|Year : 2011 | Volume
| Issue : 3 | Page : 302-306
Immune response to second dose of MMR vaccine in Indian children
Sunil Gomber1, Shilpa Khanna Arora1, Shukla Das2, VG Ramachandran2
1 Department of Pediatrics, University College of Medical Sciences & Guru Teg Bahadur Hospital, Delhi, India
2 Department of Microbiology, University College of Medical Sciences & Guru Teg Bahadur Hospital, Delhi, India
|Date of Submission||10-May-2010|
|Date of Web Publication||30-Sep-2011|
Shilpa Khanna Arora
2/2, Vijay Nagar, Delhi 110 009
Source of Support: None, Conflict of Interest: None
| Abstract|| |
Background & objectives : MMR vaccine in a two dose schedule has successfully eliminated measles, mumps and rubella from many developed countries. In India, it is not a part of national immunization programme but is included in the State immunization programme of Delhi as a single dose between 15-18 months. This prospective study was carried out to assess the extent of seroprotection against these three diseases in immunized children and to study the immune response to a second dose of MMR.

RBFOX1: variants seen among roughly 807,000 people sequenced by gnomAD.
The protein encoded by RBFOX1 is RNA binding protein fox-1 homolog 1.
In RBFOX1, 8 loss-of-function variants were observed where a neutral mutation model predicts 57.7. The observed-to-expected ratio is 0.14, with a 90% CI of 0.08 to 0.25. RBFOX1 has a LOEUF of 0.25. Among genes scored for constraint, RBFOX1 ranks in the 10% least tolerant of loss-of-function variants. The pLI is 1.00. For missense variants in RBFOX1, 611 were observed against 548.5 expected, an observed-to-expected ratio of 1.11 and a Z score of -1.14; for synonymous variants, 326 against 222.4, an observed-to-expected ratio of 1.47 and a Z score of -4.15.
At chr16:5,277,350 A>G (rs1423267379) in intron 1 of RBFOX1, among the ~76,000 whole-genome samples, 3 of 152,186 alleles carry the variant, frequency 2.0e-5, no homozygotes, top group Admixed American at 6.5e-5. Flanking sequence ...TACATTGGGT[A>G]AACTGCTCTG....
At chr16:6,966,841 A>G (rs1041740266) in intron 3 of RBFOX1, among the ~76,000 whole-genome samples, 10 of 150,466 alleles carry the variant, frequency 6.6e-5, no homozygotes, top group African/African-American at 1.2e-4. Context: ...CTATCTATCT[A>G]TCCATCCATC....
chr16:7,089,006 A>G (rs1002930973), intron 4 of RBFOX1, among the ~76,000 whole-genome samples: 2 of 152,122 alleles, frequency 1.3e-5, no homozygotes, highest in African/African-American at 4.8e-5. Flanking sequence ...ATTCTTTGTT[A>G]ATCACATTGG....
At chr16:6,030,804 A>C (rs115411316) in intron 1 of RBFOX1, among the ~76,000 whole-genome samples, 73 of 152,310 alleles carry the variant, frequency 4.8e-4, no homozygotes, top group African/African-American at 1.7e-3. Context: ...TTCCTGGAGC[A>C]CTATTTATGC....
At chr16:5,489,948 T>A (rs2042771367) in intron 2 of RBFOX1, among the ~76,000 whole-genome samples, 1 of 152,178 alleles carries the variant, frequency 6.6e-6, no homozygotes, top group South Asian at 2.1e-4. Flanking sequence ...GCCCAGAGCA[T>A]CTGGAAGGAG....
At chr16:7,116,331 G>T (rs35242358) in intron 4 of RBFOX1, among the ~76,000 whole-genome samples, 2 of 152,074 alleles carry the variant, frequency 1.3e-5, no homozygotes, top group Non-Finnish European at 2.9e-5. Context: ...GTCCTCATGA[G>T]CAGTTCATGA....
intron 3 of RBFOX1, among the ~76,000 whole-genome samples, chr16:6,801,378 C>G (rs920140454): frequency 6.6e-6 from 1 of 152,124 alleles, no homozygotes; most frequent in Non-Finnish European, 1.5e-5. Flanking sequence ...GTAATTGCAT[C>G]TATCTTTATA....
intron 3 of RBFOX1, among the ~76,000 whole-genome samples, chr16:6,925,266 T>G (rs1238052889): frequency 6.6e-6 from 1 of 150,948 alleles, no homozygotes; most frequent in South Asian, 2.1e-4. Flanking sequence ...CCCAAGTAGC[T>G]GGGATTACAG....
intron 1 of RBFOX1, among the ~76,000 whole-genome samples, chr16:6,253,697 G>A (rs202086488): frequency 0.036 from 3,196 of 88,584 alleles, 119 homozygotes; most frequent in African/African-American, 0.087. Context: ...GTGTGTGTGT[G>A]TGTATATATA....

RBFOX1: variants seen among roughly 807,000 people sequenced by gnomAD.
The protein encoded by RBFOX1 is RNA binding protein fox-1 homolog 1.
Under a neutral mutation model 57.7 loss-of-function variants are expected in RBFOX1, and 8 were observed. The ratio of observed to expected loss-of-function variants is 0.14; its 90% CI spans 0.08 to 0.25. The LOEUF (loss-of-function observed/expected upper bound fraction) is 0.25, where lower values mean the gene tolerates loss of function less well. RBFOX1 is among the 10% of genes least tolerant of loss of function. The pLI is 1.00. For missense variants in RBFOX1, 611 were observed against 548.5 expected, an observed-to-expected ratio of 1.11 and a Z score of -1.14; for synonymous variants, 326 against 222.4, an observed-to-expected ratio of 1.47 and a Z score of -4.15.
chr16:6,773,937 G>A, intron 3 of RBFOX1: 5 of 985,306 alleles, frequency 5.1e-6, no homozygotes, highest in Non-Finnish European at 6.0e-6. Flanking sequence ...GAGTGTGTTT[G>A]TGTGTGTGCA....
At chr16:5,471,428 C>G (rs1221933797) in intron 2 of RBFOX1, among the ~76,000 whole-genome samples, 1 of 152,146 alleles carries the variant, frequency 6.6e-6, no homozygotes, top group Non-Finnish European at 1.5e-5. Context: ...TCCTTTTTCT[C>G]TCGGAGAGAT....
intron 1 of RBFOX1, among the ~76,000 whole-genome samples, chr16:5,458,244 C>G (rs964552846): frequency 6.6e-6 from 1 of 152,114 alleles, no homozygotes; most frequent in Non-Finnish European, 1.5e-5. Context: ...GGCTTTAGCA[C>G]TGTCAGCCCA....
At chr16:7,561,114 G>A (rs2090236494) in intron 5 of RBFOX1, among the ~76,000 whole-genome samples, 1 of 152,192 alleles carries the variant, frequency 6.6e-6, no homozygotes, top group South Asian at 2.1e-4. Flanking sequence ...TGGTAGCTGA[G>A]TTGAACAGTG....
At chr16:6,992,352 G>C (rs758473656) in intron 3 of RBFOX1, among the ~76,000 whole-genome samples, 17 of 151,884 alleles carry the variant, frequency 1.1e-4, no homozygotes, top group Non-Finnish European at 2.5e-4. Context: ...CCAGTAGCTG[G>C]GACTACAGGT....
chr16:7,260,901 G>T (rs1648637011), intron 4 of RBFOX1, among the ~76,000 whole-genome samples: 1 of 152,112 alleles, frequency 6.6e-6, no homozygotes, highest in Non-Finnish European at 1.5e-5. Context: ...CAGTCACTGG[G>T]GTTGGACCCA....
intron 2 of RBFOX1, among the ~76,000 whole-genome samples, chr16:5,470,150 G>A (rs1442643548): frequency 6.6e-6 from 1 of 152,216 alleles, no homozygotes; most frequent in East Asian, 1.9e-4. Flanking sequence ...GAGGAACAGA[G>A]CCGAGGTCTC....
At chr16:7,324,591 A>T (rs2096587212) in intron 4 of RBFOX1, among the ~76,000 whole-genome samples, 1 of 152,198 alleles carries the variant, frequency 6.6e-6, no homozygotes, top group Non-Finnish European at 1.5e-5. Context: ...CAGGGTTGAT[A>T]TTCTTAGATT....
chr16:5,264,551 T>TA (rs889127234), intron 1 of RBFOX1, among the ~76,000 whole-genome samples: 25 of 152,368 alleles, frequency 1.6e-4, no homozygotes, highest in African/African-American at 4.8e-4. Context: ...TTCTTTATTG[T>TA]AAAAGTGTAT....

Methods : Consecutive children aged 4-6 yr, attending the immunization clinic of a tertiary care hospital in Delhi for routine DT vaccination, were enrolled. Second dose of MMR was given and pre- and post-vaccination antibody levels were compared.
Results : The pre-vaccination percentage seropositivity observed in the 103 children recruited, was 20.4 per cent for measles, 87.4 per cent for mumps and 75.7 per cent for rubella. Amongst the 84 children who were followed up after the second dose, the percentage seroprotection for measles rose from 21.4 (18/84) to 72.6 per cent (61/84) and 100 per cent became seroprotected to mumps and rubella.
Interpretation & conclusions: The percentage of children protected against measles was found to be alarmingly low which needs to be investigated. Though the observed protection against mumps and rubella was adequate, its durability was not known. The need for re-appraisal of the current MMR immunization policy is called for by carrying out longitudinal studies on a larger sample.